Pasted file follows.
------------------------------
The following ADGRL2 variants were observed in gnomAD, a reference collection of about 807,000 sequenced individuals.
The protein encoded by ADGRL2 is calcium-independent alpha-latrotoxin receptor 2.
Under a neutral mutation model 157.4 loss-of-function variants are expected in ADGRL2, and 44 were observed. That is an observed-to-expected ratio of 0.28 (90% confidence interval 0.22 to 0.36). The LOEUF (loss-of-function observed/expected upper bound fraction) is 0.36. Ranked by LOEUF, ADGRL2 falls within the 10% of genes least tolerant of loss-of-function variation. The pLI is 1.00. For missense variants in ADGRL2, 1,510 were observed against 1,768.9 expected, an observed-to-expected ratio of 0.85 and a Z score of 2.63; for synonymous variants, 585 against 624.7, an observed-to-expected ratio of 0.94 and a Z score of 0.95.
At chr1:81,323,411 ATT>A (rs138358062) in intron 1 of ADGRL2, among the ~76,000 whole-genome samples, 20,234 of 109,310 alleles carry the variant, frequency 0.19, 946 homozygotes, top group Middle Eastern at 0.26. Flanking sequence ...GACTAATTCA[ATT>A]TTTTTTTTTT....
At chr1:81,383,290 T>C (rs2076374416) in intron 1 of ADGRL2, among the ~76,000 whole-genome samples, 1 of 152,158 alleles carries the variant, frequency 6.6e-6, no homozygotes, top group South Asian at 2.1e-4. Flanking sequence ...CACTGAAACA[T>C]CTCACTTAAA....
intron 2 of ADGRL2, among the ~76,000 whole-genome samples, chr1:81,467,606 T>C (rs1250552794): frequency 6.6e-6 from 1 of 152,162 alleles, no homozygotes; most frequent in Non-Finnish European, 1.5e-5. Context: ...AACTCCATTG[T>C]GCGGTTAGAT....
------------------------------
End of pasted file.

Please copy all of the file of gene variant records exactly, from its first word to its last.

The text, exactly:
The following ADGRL2 variants were observed in gnomAD, a reference collection of about 807,000 sequenced individuals.
The protein encoded by ADGRL2 is calcium-independent alpha-latrotoxin receptor 2.
Under a neutral mutation model 157.4 loss-of-function variants are expected in ADGRL2, and 44 were observed. That is an observed-to-expected ratio of 0.28 (90% confidence interval 0.22 to 0.36). The LOEUF (loss-of-function observed/expected upper bound fraction) is 0.36. Ranked by LOEUF, ADGRL2 falls within the 10% of genes least tolerant of loss-of-function variation. The pLI is 1.00. For missense variants in ADGRL2, 1,510 were observed against 1,768.9 expected, an observed-to-expected ratio of 0.85 and a Z score of 2.63; for synonymous variants, 585 against 624.7, an observed-to-expected ratio of 0.94 and a Z score of 0.95.
At chr1:81,323,411 ATT>A (rs138358062) in intron 1 of ADGRL2, among the ~76,000 whole-genome samples, 20,234 of 109,310 alleles carry the variant, frequency 0.19, 946 homozygotes, top group Middle Eastern at 0.26. Flanking sequence ...GACTAATTCA[ATT>A]TTTTTTTTTT....
At chr1:81,383,290 T>C (rs2076374416) in intron 1 of ADGRL2, among the ~76,000 whole-genome samples, 1 of 152,158 alleles carries the variant, frequency 6.6e-6, no homozygotes, top group South Asian at 2.1e-4. Flanking sequence ...CACTGAAACA[T>C]CTCACTTAAA....
intron 2 of ADGRL2, among the ~76,000 whole-genome samples, chr1:81,467,606 T>C (rs1250552794): frequency 6.6e-6 from 1 of 152,162 alleles, no homozygotes; most frequent in Non-Finnish European, 1.5e-5. Context: ...AACTCCATTG[T>C]GCGGTTAGAT....